Top 5 Reads of the Week | September 11, 2019

Top 5 Reads of the Week | WSJKnowing If You Can Stomach the Next
Big Market Swing

by Jason Zweig | The Wall Street Journal

“In a real market crash, it’s a lot harder to step up and buy when every stock price is turning blood-red, pundits are shrieking about Armageddon and your family is begging you not to throw more money into the flames. Then risk is no longer a notion; it’s an emotion.”

 


Top 5 Reads of the Week | Scientific AmericanHow to Get Better at Embracing Unknowns
by Jessica Hullman | Scientific American

“Abundant evidence on human reasoning suggests, however, that when people are asked to make judgments involving probability, they often discount uncertainty. As society increasingly relies on data, graphics designers are grappling with how best to show uncertainty clearly.”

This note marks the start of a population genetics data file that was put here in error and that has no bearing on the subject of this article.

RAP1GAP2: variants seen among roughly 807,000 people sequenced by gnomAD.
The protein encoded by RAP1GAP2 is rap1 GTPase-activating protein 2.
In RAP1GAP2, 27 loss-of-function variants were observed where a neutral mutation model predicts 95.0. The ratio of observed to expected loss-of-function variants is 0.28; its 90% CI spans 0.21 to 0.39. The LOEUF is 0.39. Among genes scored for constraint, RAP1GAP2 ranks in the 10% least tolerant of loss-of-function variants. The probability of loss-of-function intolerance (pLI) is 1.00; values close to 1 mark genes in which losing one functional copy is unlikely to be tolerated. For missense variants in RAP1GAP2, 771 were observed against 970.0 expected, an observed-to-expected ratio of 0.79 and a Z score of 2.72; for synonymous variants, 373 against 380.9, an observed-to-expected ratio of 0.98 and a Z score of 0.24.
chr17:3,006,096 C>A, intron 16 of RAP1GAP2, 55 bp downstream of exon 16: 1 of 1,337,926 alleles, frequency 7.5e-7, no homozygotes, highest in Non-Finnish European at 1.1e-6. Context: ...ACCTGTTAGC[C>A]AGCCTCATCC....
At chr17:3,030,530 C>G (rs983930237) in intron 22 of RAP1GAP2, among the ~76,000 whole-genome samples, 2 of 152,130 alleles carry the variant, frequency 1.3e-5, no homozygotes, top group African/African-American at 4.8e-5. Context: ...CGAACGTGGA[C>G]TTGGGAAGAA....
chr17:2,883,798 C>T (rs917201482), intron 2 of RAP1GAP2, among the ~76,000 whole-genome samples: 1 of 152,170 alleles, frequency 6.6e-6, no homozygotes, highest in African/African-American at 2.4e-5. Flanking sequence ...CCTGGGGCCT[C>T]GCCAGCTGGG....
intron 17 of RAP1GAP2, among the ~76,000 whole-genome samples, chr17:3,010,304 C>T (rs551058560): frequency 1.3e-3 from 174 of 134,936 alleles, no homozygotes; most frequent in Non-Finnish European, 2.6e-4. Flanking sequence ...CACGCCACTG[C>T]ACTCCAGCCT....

Top 5 Reads of the Week | Albert Bridge CapitalEverybody was Kung Fu Fighting?
by Drew Dickson | Albert Bridge Capital

“I think Ben is merely asking if the undying love for passive investing will become a little tainted if the markets ever decide not to go up.”

 

 


Top 5 Reads of the Week | Wall Street JournalThe Time Netflix Considered Selling Itself
to Amazon for Peanuts

by Marc Randolph | The Wall Street Journal

“That feeling—although thrilling—was also a little bittersweet. I wasn’t quite ready to hand over the keys. But when Amazon calls, you pick up the phone. Even if it’s 1998, and Amazon is nowhere near the powerhouse it is today.”

 


Top 5 Reads of the Week | The Atlantic

The End of the Roman Empire Wasn’t That Bad
by James Fallows | The Atlantic

“In Escape From Rome, Scheidel writes that “a single condition was essential” for the cultural, economic, and scientific creativity of the post-Roman age: “competitive fragmentation of power.” Today, some of the positive aspects of fragmentation are appearing all around us.”